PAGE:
Updated: Mar 23
It’s 4:30am on a Thursday morning and I’ve woken up in pain. Whilst I’m lying in bed with a hot water bottle, not able to sleep, now seems like as a good of a time as ever to start on a very real, very honest blog about suffering with endometriosis.
How I knew...kind of
Although I was only ‘officially’ diagnosed in December 2019, my symptoms and experiences with the condition have been continuous for years. I’m 24 in September 2020, and I can remember pains and symptoms going back to when I was age 16. Eight years of symptoms and pain condensed into one blog…I run the risk of majorly dragging this out; I’m really going to try not to! I’m going to go over my symptoms, diagnosis, and very relevant to Martha Loves: how to run your own business while living with endometriosis.
The main symptom and pain I have suffered with ever since I started my periods, was bladder pain. Always. When I say bladder pain, I mean the intense feeling of a water infection, cramps, burning, urgency, blood in my urine. I found myself continuously going to the doctors for them to tell me there were no signs on a water infection in my samples. It was THE most frustrating thing. I’ve been on holidays and ended up in hospital, I have spent whole nights (and this isn’t an exaggeration…literally hours) lay in the bath with a cold flannel and the cold tap running to stop the feeling of burning in my bladder. I have had the worst pain of my life, and my GP was telling me there was nothing wrong. I was lucky enough to see a urologist privately and after lots of tests I was diagnosed with Painful Bladder Syndrome. Although I was given medication for nerve treatment, I still experienced flare ups, and because I had no control over it and the pain was so intense it massively affected my day to day. It made me not really want to go out the house, because as soon as the pain would come on, I was written off, on the toilet with a hot water bottle for hours.
I have also experienced severe cramping and tummy aches, not just period cramps but any day, any time of the month, intense, curl over in a ball cramping. I’ve seen an amazing gastroenterologist over the last few years also. Because of the tummy cramps I was having, and also how bloated I was, it was thought I may have Crohns disease, then IBS, then gallbladder problems. I had every test under the sun…MRI’s, CT scans, I’ve swallowed cameras, eaten porridge's. You name it. After my last appointment with this Professor, he sat me down and said ‘look, I can’t find anything, and I really don’t think this is gastro related, I think you need to go back to a gynaecologist’. I felt hugely deflated that nothing had been found after such a long investigation, but as suggested, I booked an appointment to see a gynaecologist I had seen regularly since I was about 17.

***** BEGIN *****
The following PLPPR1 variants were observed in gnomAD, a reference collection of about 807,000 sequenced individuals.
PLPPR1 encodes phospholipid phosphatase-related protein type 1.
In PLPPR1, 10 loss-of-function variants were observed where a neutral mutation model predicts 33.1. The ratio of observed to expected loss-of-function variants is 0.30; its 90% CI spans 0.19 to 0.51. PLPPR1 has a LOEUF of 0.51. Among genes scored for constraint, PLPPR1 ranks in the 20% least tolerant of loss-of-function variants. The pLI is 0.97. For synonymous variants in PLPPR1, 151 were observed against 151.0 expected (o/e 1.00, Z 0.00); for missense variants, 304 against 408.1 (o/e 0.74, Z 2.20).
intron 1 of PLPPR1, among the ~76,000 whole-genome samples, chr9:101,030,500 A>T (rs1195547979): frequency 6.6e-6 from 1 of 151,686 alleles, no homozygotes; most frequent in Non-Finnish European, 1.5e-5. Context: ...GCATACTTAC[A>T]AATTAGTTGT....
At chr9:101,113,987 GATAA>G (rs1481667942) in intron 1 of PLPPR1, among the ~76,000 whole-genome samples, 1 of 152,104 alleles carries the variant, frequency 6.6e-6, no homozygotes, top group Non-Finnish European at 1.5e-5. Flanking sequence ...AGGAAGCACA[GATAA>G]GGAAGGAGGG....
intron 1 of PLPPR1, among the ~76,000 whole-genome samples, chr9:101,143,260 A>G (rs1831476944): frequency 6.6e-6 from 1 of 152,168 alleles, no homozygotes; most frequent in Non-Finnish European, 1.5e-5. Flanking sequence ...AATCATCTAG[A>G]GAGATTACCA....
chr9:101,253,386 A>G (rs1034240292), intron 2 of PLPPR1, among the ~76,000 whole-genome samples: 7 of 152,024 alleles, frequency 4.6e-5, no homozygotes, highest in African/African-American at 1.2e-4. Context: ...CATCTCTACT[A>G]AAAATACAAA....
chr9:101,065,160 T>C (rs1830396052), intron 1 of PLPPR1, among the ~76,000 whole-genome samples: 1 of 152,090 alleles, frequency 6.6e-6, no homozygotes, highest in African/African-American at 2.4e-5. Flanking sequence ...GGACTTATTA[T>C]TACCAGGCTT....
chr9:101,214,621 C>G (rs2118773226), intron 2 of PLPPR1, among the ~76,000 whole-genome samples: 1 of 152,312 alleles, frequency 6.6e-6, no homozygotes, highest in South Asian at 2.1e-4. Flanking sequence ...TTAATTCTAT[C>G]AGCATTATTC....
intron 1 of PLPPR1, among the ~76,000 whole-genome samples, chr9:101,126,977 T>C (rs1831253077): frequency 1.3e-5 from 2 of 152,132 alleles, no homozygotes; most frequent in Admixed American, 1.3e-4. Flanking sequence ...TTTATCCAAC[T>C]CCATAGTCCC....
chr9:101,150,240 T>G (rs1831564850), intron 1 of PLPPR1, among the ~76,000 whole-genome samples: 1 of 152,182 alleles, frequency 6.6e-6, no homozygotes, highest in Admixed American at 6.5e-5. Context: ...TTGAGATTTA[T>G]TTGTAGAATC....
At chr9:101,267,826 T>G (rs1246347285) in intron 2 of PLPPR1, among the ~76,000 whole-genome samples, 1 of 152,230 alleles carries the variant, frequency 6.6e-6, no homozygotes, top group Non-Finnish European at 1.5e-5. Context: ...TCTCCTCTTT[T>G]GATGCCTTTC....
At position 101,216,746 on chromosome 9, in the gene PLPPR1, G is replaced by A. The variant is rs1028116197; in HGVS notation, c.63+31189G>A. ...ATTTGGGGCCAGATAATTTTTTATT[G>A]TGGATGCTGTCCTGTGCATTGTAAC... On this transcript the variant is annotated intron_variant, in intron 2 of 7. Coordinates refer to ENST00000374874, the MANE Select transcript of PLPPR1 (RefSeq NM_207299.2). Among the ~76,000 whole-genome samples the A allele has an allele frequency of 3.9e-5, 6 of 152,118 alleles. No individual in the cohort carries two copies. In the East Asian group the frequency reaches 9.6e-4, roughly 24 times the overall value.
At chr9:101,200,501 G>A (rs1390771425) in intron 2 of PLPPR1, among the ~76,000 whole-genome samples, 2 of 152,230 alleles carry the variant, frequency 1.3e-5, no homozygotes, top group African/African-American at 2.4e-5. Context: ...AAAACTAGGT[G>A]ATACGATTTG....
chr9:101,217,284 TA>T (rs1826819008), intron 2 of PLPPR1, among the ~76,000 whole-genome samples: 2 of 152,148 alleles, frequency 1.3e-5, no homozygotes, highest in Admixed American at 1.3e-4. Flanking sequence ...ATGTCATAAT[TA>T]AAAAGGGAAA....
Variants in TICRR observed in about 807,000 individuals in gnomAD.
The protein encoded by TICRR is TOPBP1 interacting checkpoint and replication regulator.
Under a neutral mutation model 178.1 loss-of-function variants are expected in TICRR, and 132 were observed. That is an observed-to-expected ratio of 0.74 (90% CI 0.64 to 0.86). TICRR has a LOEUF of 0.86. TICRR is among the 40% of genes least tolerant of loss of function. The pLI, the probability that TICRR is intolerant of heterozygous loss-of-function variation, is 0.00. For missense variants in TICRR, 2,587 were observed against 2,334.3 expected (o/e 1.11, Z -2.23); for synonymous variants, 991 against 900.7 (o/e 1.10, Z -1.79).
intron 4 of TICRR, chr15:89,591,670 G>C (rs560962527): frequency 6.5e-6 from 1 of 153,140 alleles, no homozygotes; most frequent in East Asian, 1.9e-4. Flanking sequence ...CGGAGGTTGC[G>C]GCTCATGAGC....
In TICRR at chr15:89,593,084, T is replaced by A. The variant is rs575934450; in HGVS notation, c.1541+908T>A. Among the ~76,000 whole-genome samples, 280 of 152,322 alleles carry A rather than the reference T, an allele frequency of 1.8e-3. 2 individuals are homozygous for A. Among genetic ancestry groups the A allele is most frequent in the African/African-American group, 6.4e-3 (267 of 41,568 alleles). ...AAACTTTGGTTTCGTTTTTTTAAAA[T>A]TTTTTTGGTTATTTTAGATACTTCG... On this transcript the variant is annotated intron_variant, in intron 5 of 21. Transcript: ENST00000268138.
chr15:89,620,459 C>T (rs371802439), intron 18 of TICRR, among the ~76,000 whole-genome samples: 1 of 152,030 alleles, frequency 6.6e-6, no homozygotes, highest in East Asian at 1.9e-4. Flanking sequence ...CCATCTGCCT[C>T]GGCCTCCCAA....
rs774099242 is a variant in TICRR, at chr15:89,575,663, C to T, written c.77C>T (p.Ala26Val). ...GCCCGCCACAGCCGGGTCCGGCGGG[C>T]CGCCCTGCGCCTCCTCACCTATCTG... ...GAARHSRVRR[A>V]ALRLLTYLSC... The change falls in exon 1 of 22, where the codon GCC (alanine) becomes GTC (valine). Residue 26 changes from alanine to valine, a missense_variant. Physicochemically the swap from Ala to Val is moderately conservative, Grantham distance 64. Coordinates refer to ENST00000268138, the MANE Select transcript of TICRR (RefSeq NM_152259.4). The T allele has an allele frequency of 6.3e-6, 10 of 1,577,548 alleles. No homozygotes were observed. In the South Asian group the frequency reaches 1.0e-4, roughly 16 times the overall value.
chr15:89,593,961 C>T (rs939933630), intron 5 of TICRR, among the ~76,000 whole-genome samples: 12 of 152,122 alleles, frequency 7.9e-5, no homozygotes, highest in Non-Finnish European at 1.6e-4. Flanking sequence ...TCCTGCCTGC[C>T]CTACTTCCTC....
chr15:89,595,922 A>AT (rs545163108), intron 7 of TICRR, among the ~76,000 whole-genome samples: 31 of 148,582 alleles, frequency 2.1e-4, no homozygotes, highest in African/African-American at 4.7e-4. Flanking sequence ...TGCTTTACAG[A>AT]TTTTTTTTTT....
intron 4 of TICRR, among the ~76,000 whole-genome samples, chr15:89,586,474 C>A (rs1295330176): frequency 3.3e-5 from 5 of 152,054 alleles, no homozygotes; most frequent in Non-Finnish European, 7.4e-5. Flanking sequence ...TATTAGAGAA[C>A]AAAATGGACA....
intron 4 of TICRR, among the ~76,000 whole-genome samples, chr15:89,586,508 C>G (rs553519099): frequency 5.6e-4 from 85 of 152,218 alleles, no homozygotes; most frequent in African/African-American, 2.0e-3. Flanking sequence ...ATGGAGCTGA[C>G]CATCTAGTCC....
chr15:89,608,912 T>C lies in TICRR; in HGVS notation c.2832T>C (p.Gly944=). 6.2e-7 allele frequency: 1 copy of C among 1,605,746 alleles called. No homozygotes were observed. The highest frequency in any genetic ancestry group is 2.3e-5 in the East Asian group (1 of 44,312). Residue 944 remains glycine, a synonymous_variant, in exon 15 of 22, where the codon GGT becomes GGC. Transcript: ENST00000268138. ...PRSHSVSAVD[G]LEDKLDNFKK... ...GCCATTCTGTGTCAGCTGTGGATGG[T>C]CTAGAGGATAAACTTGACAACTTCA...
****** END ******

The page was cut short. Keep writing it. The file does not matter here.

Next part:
Another main symptom, which I know so many people experience, but is also very personal and private, is pain during intercourse. This is something I suffer with and something I really struggled to find any help with. The only way I can explain the pain is like being punched in the stomach so hard it makes you just want to drop to the floor and hunch over in a ball. And it did worry me, of course, I knew that pain wasn’t normal and from asking my close friends, my sister, my mum, I knew it wasn’t something everyone else felt either. I didn’t get this pain every time, but it was frequent, and it became a problem in past relationships and just my overall confidence.
I did go and see a private gynaecologist, who was very high in her profession and I continued to see her on and off or about 5 years. It’s important to know that endometriosis can only be diagnosed through a procedure known as a Laparoscopy. This is when an incision is made through your belly button, to look around your pelvic area for any signs of endometriosis. I had had this done twice, the last time was March 2019 and both times in the follow up report it said, ‘there is no signs of endometriosis’ and I was categorically told I do not have it. On a side note…
during this laparoscopy I was fitted with the Mirena Coil; I had it for about 9 months and it did not agree with me .At. All. I was in agony, hormonal, had bad depression, weight gain, almost every bad side effect you can have from the coil. My new endo specialist (you’ll read about him in a min) removed it for me when I saw him. I decided I wanted a second opinion and my cousin, who too was diagnosed with endometriosis a couple years ago, gave me a list of endometriosis specialist in the UK; there were 10…